Monster Bones: The Story of a Dinosaur Fossil: An excellent introduction to fossilization and paleontology, following a single dinosaur’s path from living creature to museum exhibit. Clearly written and engaging. Also, three cheers for referring to the dinosaur and other fossilized creatures as “it” rather than “he,” making the lead scientist and about half the humans in the images women, and including a significant proportion of people of color, all without making a fuss over it. Much-recommended!
Barnum’s Bones: Another awesome dinosaur-and-paleontology book! This one’s a more traditional, narrative picture book.
The Bobbin Girl: An accessible and engaging invitation to conversations about labor history, socioeconomic class, sexism, and the power of long-term grassroots political struggle. I love that this is a moving and basically upbeat picture book about a protest that doesn’t achieve the desired results.
She’s Wearing a Dead Bird on Her Head!: Another good way into conversations about gender history. Noah particularly loved this book and read it many times on his own after the initial read-aloud. Great, colorful pictures and a good historical note at the end.
The Christmas Magic: A beautiful Christmas book with an unusual representation of Santa Claus.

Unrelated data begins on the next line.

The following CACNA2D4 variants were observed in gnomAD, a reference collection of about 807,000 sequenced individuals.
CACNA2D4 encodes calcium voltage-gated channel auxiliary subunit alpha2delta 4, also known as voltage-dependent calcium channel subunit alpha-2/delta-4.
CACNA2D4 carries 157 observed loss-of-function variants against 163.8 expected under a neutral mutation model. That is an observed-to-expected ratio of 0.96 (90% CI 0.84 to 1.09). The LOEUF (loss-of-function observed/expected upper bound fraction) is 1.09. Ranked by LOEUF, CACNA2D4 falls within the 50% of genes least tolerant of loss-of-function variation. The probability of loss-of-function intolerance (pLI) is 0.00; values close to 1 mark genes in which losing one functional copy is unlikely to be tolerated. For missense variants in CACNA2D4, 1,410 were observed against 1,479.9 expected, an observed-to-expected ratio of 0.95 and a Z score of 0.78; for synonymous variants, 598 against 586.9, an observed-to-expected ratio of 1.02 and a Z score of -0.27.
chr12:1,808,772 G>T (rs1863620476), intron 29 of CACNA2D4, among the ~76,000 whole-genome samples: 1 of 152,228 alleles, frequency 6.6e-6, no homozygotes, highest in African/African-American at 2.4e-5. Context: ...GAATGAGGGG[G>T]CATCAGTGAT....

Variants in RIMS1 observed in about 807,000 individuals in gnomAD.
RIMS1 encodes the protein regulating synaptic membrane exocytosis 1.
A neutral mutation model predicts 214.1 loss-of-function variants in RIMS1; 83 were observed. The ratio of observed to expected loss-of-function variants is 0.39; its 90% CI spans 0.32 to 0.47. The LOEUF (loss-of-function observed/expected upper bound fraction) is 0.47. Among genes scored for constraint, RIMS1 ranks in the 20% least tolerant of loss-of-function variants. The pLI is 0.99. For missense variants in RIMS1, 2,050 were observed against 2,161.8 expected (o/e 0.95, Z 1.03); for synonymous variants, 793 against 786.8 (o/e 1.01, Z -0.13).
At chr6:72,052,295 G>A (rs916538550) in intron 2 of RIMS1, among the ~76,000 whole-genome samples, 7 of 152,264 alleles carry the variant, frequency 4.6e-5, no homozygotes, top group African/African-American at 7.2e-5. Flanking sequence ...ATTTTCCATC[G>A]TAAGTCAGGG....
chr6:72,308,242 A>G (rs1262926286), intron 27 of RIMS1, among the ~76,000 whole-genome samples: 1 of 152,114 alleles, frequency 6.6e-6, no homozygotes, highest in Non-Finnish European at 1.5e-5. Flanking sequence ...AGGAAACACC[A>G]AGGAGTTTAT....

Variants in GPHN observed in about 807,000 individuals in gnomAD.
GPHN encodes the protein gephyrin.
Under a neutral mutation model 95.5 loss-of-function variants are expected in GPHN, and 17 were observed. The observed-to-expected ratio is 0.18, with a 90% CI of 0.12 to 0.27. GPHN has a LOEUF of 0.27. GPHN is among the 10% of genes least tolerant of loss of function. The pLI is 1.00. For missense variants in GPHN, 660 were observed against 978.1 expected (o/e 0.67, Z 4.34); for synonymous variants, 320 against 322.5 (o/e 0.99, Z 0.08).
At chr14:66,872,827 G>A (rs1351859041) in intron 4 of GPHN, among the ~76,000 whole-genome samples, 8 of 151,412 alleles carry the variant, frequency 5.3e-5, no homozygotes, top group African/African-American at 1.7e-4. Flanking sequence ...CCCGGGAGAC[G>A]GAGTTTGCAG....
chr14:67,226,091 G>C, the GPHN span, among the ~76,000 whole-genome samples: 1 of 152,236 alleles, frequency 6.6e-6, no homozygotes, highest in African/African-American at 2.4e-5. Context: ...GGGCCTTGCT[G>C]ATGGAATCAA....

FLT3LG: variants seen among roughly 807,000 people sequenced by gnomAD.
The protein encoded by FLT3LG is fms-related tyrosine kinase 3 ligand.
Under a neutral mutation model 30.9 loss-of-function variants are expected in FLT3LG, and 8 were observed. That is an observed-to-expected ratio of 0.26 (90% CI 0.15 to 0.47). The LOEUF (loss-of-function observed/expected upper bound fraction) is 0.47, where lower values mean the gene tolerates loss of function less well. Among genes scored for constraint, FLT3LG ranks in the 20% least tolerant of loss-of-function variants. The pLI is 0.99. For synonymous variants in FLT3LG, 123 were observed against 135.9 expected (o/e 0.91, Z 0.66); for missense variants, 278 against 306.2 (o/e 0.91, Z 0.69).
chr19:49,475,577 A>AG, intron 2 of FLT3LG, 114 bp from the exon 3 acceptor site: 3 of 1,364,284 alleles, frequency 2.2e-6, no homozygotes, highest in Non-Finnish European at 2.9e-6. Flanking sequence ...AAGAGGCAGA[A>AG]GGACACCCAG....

Hanna’s Cold Winter: I loved this one so much! During WWII, the people of Budapest come together to keep the zoo’s hippopotami from starving.
Odd Boy Out: Young Albert Einstein: Approaches Einstein’s life and work by starting with his childhood, when he was a little peculiar (who among us is not, I ask you?) and had quite a temper. Very accessible.
Dr. Martin Luther King Jr.’s I Have a Dream Speech in Translation: What It Really Means and March On! The Day My Brother Changed the World: Moving and thoughtful accounts of King’s most famous speech, these two focus on his message, life, and cultural moment rather than on his death, which Noah knows about but doesn’t love dwelling on. Unlike some school/popular accounts of King’s legacy, the ‘speech in translation’ book presents the entire speech and doesn’t soften King’s message.
Freedom on the Menu: The Greensboro Sit-Ins: Even Eric, who’s a US historian and is rarely impressed by picture books of any kind, really really liked this one. A personal and accessible approach to the Civil Rights movement, racism, and activism.